So there is a good amount of security existing on websites, whether you are a Member, Public User, or Webmaster, there are safeguards in place to keep the access available to only the correct people. But how do hackers fit into this picture?



Hackers are people who use computers and code to gain something, or to cause damage online. They tend to be very tech-savvy and use their skills for some kind of personal gain. Some hackers hack for a just cause (Hacktivists), some hack to cause damage, by crippling systems and bringing them to a halt, some do it for Black Hat SEO purposes, and some do it for money (like the WannaCry virus of 2017). Depending on what a hacker wants to achieve, for whatever reason, they will choose to attack a system in a specific way. Some hackers try to gain access to people’s accounts for their emails, social media, bank accounts etc. So that they can ransom your information back to you for money, or sell it to people wanting to use that information, or simply to empty your bank account. Whatever it may be that they want to do, rest assured that they will need to get through your password. One way they do this is by using a program to try every possible password combination in an attempt to land on the correct one by luck. With computers being able to process millions of actions per second, this sounds like it would take no time at all, is that really true?



To crack your password is actually not as easy as it seems. Trying every possible combination, for a password that could be any number of characters long, in any arrangement of sentence-case and capital letters, with any number of punctuation marks and numbers in between – that is no small feat, even for a computer. But what if they happen to get lucky? It could happen, and then what? Your information is no longer private, or your bank account is empty. If you use a different password for all your accounts, you’ll be (sort of) fine. Depending on the length and complexity of your password, it has a massive effect on how long a computer will take to crack it.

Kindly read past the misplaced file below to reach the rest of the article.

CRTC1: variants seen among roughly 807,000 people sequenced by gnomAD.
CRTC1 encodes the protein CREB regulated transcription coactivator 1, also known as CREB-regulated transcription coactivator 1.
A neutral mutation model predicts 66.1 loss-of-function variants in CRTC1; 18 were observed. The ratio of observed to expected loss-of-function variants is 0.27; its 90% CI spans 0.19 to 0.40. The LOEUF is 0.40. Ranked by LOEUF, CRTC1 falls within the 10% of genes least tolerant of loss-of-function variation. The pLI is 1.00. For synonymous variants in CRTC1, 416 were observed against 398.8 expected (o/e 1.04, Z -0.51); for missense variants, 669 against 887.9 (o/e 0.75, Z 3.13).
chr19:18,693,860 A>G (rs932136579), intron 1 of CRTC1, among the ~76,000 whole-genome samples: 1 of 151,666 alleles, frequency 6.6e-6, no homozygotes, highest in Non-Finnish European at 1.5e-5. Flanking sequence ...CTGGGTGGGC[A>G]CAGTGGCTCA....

For Example:

BFS  ||  0.0000004 Seconds

BFSNetwork  ||   30 Days

BFSNetwork-1S  ||  3 Million Years

BFSNetwork-1S-TH3  ||  93 Trillion Years

BFSNetwork-1S-TH3-B3ST  ||  252 Sextillion Years (252, 000, 000, 000, 000, 000, 000, 000 Years)


Silver Lining

Luckily, today there is a lot of effort going into ensuring that hackers have the hardest time possible getting into systems. With security measures such as two-step verification and others that require confirmation on multiple devices before access is granted. Other companies have simply added a 2 second delay to every password login request. As users, we barely notice. But if every single attempt that a computer makes (millions) will take 2 seconds longer, then it makes the number above look minuscule.



Passwords are the keys to our online lives. Without them we could lose everything, all your money, all your family photos backed up to the cloud etc. With all this precious information being safeguarded form all sides with heavy duty programs designed to keep people out, wouldn’t you want your password(S) to be as strong?